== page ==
Automation: Going live
Within a week or two, the staff were saying ‘why didn’t you do it sooner?’, says Jon Flitcroft, manager at Albert Wilde in Fleetwood. The large health centre pharmacy had its 11m BD Rowa Vmax installed in February 2017. Describing the week it took the robot to be installed from start to finish, he says: “We thought in advance about what we were going to do, so it went as smoothly as this amount of upheaval is likely to.”
Looking for efficiency and safety in an increasingly busy pharmacy, after researching the options, the decision had been made. He makes the rest of it sound easy. “We said we wanted a robot, BD Rowa came down. We threw a few ideas around.” The company’s northern territory manager Helene Fisher takes up the story. “We do the scoping, we made some adjustments along the way, but it was pretty straightforward.” The only challenge at Albert Wilde was some girders in the roof. “We look at the area we can get most out of with the least disruption,” she says. “We always maximise on the height where possible, but here is was a no brainer where it was going to go”.
The whole process from signing an order to installation usually takes around four months. The lead time from order to delivery is around three months, the build takes a week, then a week for commissioning, two or three days training and you’re ready to go. Of course, building issues can add to the time needed from start to finish.
“Our shopfitters came in about four weeks before the robot was due to clear the area where it was going, so we had a big empty space where the robot was going to go,” Jon says. A temporary dispensary was established; the remaining shelves were crammed with stock. “It was a bit of a nightmare to be honest, but we were lucky to have the room to shift everything around. I don’t understand how they do it in small shops.”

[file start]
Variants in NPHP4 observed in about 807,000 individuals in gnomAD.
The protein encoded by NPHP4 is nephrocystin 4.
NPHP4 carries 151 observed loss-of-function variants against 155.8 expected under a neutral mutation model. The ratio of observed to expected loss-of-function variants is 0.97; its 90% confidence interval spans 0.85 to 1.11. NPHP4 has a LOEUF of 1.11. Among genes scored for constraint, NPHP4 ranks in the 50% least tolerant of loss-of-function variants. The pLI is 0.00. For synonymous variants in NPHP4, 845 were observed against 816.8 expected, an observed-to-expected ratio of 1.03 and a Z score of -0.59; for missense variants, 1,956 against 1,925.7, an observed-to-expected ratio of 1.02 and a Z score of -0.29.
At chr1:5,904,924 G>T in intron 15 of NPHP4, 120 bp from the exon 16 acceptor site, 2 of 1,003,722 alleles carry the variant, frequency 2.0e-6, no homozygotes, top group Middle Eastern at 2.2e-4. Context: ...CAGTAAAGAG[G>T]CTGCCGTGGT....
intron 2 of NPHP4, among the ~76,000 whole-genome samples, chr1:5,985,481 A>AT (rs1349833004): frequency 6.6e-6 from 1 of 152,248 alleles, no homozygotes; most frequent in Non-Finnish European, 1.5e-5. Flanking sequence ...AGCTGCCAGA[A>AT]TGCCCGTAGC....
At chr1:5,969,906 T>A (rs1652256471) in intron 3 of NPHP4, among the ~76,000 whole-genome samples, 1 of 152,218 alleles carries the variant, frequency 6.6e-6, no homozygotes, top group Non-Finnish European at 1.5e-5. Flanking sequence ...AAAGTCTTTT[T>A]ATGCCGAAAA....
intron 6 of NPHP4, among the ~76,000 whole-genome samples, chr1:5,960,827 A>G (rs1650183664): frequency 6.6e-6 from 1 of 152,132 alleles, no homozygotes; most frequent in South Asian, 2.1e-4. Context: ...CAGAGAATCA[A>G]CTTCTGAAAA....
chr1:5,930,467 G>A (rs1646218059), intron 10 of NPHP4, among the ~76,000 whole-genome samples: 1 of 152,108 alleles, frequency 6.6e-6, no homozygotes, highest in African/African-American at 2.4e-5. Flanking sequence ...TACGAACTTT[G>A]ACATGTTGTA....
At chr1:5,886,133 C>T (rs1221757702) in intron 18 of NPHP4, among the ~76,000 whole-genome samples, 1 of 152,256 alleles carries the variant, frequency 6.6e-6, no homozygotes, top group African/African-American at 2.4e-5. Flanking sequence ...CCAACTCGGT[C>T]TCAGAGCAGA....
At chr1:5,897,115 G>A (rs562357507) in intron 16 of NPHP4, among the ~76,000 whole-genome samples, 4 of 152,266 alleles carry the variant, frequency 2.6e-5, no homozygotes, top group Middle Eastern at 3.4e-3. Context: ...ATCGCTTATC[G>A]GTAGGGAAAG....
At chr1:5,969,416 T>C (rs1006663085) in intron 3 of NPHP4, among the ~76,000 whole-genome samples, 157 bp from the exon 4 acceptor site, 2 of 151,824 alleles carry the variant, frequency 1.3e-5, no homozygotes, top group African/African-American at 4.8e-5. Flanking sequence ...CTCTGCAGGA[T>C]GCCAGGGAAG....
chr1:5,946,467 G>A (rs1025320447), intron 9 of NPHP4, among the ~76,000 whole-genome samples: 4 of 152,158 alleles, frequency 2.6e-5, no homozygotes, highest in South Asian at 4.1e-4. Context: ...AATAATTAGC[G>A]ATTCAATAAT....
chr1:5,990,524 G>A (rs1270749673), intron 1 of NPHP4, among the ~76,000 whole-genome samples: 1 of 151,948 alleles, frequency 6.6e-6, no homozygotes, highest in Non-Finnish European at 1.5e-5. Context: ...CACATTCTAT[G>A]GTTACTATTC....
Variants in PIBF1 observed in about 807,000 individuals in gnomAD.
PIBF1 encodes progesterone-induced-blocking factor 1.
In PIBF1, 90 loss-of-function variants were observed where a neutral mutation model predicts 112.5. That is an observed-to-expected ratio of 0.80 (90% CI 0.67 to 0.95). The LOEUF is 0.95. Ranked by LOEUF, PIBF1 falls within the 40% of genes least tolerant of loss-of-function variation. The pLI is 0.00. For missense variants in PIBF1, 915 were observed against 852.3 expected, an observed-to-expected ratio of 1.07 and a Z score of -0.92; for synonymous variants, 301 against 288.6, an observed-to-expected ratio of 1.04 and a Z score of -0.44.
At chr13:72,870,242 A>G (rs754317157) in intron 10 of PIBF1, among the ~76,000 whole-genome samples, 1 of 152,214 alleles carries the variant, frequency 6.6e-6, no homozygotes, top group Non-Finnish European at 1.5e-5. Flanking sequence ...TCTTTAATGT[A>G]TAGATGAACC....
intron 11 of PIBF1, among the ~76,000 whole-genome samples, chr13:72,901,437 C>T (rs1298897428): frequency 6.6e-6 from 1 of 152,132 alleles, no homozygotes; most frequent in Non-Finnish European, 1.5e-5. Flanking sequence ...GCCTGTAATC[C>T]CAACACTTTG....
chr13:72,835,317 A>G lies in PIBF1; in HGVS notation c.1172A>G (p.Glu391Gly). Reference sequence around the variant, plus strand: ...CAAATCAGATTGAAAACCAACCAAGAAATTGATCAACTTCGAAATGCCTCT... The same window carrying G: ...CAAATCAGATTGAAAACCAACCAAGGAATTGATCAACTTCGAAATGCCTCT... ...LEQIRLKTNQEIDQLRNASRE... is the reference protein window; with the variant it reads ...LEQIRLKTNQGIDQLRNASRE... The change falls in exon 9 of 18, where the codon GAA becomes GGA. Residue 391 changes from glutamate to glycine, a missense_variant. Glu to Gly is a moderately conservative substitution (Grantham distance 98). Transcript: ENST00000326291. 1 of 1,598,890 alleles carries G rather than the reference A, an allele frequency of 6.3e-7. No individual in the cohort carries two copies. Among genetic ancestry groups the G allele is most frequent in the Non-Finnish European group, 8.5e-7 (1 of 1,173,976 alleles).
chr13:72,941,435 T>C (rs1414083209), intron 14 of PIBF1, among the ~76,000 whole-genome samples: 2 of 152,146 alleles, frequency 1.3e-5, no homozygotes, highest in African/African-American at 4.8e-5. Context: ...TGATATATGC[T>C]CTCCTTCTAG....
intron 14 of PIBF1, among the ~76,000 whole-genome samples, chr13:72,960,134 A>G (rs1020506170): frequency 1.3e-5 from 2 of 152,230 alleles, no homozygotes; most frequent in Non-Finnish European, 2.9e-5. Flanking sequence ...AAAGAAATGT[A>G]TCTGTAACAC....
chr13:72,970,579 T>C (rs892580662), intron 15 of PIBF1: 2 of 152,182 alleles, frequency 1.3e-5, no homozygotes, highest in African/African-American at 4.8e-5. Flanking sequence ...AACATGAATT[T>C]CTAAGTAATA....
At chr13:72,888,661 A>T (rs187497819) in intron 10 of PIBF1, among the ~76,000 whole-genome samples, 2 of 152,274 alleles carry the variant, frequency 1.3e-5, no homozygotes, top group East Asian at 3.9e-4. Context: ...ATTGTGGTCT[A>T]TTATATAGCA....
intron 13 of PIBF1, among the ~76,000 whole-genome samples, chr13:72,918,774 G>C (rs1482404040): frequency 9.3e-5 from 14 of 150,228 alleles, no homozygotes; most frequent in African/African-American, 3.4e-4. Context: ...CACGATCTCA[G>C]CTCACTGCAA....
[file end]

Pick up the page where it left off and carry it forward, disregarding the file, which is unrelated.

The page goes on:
Installation week itself was hectic. “We managed, it was alright.” The installation team barely get a mention – but Jon recorded a video of the process which you can see here. “The worst bit was the building of the new shop – there was a lot of noise with the drills. At some points we had nowhere to work, but it was fine.”
We spent about four days zapping all the stock we had prior to the refit, so when it came to putting stock into the robot, it was just ready to go
In terms of the installation process as a whole, Jon says the most stressful time was the week after commissioning, at the actual point of transferring the processes in the pharmacy from not using the robot, to using the robot. “You’ve got to get it filled – that takes time, because you can only fill it so fast. We had a lot of split boxes of medications, which takes time to get in. And the rest of the dispensary was being finished.”
The staff at Albert Wilde had prepared their customers for the change. “Because of the preparatory work they knew something was happening. We put signs up apologising for the disruption, but hopefully they will be appreciating the benefits now. We get a lot of ‘that was quick’. You can get an electronic script, it takes 30 seconds, one item, bang. If nothing else is happening they haven’t even had time to sit down.”
Preparation is vital
At Kepple Lane Pharmacy in Garstang, Lancashire, pharmacist Usmaan Hafiz says preparation is vital if you want things to go smoothly. “The support we got about prepping our end before we started really helped a lot. We spent about four days zapping all the stock we had prior to the refit, so when it came to putting stock into the robot, there were no code problems, it was just ready to go.”
Kepple Lane is a big pharmacy – the robot has no fewer than 10 output channels into all areas of unit, and it also serves the onsite dispensing practice too, so typical monthly items are around 25,000. Some overnight shifts were required to load the 11m BD Rowa Vmax before the green light was lit. And with a February install date, the team had organised double prescriptions in December to aid preparations. “We wanted to make sure everything was in the robot from the start,” Usmaan says. “I didn’t have any qualms about it at all, it was excellent”.